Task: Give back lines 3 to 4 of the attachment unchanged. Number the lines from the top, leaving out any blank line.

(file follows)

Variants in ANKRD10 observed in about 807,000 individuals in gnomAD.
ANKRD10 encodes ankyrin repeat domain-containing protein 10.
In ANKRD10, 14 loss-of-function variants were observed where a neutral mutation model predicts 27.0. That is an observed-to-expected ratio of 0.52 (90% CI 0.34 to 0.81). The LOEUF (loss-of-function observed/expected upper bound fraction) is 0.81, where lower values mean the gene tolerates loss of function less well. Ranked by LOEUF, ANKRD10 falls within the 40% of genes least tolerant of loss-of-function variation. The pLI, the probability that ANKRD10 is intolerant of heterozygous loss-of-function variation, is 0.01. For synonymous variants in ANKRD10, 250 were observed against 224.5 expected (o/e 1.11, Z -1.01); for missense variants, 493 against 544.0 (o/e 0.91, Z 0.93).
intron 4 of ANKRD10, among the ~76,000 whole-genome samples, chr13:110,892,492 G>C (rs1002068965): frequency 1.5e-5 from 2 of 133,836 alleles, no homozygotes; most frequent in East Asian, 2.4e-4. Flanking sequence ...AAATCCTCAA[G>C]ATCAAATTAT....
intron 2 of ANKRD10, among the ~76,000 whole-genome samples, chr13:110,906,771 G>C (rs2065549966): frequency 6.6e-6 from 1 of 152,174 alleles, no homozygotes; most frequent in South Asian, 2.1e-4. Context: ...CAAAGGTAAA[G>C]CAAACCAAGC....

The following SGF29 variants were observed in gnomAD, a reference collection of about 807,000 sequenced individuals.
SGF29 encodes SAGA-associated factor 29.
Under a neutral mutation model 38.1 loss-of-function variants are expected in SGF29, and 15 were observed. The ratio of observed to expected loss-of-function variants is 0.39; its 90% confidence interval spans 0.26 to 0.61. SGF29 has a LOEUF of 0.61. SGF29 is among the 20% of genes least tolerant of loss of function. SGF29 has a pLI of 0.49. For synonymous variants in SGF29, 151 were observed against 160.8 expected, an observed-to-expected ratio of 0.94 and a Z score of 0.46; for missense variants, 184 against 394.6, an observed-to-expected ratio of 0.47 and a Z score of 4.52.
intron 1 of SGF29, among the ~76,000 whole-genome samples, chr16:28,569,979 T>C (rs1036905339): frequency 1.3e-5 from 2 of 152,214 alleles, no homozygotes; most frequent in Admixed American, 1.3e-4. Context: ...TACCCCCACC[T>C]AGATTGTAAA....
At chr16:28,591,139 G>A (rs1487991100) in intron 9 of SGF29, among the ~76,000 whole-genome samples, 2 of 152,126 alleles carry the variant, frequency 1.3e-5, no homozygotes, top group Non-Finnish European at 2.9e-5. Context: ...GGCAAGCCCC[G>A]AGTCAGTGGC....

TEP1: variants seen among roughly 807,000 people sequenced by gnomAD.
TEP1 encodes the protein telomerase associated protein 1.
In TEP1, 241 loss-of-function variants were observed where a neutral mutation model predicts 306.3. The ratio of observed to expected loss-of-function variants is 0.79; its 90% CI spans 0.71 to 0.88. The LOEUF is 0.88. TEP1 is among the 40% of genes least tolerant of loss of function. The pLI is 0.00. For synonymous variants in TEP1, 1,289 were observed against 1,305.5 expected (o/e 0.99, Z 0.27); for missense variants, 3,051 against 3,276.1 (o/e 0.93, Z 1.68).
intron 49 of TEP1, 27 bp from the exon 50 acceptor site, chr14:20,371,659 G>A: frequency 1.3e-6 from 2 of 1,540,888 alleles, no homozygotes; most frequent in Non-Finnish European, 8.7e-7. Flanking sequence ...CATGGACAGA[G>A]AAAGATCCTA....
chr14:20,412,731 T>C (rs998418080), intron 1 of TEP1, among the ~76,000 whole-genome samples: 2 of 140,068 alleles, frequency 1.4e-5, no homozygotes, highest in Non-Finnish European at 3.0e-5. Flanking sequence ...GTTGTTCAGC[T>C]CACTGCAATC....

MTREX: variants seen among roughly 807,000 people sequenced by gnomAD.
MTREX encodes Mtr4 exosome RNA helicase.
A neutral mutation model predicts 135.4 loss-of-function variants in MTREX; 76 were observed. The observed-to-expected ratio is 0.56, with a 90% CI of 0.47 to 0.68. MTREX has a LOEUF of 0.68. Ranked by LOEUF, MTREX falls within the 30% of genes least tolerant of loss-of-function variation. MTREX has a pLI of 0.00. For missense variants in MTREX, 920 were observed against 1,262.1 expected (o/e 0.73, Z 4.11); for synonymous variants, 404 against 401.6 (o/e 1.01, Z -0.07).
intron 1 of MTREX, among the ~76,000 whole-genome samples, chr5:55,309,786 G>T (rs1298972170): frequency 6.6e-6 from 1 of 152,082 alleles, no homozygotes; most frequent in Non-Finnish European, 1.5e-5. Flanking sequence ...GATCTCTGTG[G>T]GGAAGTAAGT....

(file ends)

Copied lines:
In ANKRD10, 14 loss-of-function variants were observed where a neutral mutation model predicts 27.0. That is an observed-to-expected ratio of 0.52 (90% CI 0.34 to 0.81). The LOEUF (loss-of-function observed/expected upper bound fraction) is 0.81, where lower values mean the gene tolerates loss of function less well. Ranked by LOEUF, ANKRD10 falls within the 40% of genes least tolerant of loss-of-function variation. The pLI, the probability that ANKRD10 is intolerant of heterozygous loss-of-function variation, is 0.01. For synonymous variants in ANKRD10, 250 were observed against 224.5 expected (o/e 1.11, Z -1.01); for missense variants, 493 against 544.0 (o/e 0.91, Z 0.93).
intron 4 of ANKRD10, among the ~76,000 whole-genome samples, chr13:110,892,492 G>C (rs1002068965): frequency 1.5e-5 from 2 of 133,836 alleles, no homozygotes; most frequent in East Asian, 2.4e-4. Flanking sequence ...AAATCCTCAA[G>C]ATCAAATTAT....